Budgeting is the best strategy for managing money. For the consumer or family, the budget is a tool for managing household expenses. For the organization, the development of a budget is much more political. A budget contains the priorities of the organization for spending. Individuals and families can learn some principles of money management by learning the budgeting practices of organizations.
Purpose of a Budget
The development of a budget helps the user track income, calculate how much can be paid for each recurring expense, calculate how to afford one-time expenses and how to allocate money for investments and savings plans. In an organization, a budget document reflects the institutional priorities for the year. In a consumer budget, there might be less planning, but the consumer still has to assign priorities to each budget item.
Money Management and Family Disagreements
In the "Pocket Idiot's Guide to Living on a Budget," authors Jennifer Basye Sander and Peter J. Sander explain the basics of money management. Household money management is one of the most common sources of disagreement in marriages. One USA Today article reported that 70 percent of married couples argued about money issues, with the use of credit and shopping and spending habits topping the list.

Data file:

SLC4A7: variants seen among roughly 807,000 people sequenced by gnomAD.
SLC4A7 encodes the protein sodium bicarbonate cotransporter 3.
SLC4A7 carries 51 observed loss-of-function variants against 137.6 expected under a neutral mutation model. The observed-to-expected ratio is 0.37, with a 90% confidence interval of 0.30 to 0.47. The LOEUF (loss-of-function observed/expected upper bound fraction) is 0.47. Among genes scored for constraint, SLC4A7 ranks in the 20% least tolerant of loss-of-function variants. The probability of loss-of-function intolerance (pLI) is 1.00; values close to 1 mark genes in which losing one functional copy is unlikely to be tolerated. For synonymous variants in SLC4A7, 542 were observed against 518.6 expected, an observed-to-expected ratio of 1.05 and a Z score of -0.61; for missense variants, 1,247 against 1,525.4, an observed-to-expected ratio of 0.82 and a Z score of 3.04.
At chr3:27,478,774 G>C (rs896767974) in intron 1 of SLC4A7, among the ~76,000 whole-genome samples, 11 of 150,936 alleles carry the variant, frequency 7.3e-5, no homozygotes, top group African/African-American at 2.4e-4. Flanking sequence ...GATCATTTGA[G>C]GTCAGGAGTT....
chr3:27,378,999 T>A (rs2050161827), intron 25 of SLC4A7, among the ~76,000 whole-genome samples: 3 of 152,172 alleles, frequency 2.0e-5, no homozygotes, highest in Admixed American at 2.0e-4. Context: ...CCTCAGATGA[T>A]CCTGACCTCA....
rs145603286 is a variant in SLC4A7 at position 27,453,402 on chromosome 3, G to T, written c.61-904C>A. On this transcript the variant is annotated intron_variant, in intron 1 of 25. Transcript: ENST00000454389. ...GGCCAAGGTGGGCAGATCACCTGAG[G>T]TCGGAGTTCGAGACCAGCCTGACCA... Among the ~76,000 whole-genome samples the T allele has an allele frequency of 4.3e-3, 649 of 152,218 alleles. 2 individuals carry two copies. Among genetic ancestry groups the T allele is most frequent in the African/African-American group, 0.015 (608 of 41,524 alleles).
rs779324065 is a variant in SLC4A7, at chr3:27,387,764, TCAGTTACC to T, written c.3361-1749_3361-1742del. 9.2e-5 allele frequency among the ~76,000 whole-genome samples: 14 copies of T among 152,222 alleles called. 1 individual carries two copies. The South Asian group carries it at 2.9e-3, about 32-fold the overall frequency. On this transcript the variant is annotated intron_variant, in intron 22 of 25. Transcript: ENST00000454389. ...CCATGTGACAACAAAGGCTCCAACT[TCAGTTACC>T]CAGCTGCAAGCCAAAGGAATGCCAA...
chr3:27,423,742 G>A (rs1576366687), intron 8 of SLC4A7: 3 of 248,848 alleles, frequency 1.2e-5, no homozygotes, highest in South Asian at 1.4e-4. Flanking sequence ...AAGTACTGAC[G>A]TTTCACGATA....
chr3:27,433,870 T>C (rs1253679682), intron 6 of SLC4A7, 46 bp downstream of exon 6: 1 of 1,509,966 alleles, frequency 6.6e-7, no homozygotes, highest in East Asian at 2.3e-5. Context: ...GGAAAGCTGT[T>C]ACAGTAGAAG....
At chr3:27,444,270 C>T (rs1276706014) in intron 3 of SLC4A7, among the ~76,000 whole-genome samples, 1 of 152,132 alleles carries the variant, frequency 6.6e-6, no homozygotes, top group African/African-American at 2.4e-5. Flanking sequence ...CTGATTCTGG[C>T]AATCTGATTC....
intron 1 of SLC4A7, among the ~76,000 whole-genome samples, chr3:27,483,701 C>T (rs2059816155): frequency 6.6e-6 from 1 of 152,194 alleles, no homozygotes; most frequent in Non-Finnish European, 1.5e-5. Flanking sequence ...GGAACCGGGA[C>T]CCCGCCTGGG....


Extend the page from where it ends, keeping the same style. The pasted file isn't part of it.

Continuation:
Free Money Management Advice
The Beehive offers consumers free money-management tools, including a tool for building a budget online. When consumers use a budget to plan how to spend and save their money, they encounter fewer problems in paying bills on time and repaying consumer debt such as credit cards and loans.
Government Assistance in Budgeting
Consumers can also turn to local, state or federal agencies for free money management tips. For example, following the collapse of the housing market in 2008, government agencies focused on providing debt counseling to consumers through outreach counselors such as small business development counselors in local development agencies.
Free Financial Advice from Commercial banks
Many banks and financial institutions in the United States offer free financial advice to customers, including how to manage money through direct deposit to savings and investments. Money management advice can be obtained by making an appointment with a bank's financial representative. Although banks use this service to attract new applicants for loans and other programs, a consumer can stop at the free advice with no obligation to join any new programs in most banks and credit unions.